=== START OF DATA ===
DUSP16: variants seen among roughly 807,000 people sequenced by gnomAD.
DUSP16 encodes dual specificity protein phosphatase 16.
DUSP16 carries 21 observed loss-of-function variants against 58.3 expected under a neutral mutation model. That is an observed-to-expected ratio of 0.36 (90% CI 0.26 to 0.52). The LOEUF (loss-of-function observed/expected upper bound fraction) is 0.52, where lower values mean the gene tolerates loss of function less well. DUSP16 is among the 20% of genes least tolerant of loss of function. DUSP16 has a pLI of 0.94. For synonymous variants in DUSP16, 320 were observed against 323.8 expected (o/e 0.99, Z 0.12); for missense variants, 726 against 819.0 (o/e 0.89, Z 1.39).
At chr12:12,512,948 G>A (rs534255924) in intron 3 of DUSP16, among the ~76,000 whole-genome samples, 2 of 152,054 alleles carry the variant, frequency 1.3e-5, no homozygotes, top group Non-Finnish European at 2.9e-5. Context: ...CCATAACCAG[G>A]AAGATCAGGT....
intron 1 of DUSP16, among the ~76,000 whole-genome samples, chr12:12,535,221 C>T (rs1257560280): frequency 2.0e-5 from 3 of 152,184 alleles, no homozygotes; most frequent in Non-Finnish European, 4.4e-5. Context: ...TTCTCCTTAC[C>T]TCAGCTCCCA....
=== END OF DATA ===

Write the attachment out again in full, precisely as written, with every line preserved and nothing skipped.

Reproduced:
DUSP16: variants seen among roughly 807,000 people sequenced by gnomAD.
DUSP16 encodes dual specificity protein phosphatase 16.
DUSP16 carries 21 observed loss-of-function variants against 58.3 expected under a neutral mutation model. That is an observed-to-expected ratio of 0.36 (90% CI 0.26 to 0.52). The LOEUF (loss-of-function observed/expected upper bound fraction) is 0.52, where lower values mean the gene tolerates loss of function less well. DUSP16 is among the 20% of genes least tolerant of loss of function. DUSP16 has a pLI of 0.94. For synonymous variants in DUSP16, 320 were observed against 323.8 expected (o/e 0.99, Z 0.12); for missense variants, 726 against 819.0 (o/e 0.89, Z 1.39).
At chr12:12,512,948 G>A (rs534255924) in intron 3 of DUSP16, among the ~76,000 whole-genome samples, 2 of 152,054 alleles carry the variant, frequency 1.3e-5, no homozygotes, top group Non-Finnish European at 2.9e-5. Context: ...CCATAACCAG[G>A]AAGATCAGGT....
intron 1 of DUSP16, among the ~76,000 whole-genome samples, chr12:12,535,221 C>T (rs1257560280): frequency 2.0e-5 from 3 of 152,184 alleles, no homozygotes; most frequent in Non-Finnish European, 4.4e-5. Context: ...TTCTCCTTAC[C>T]TCAGCTCCCA....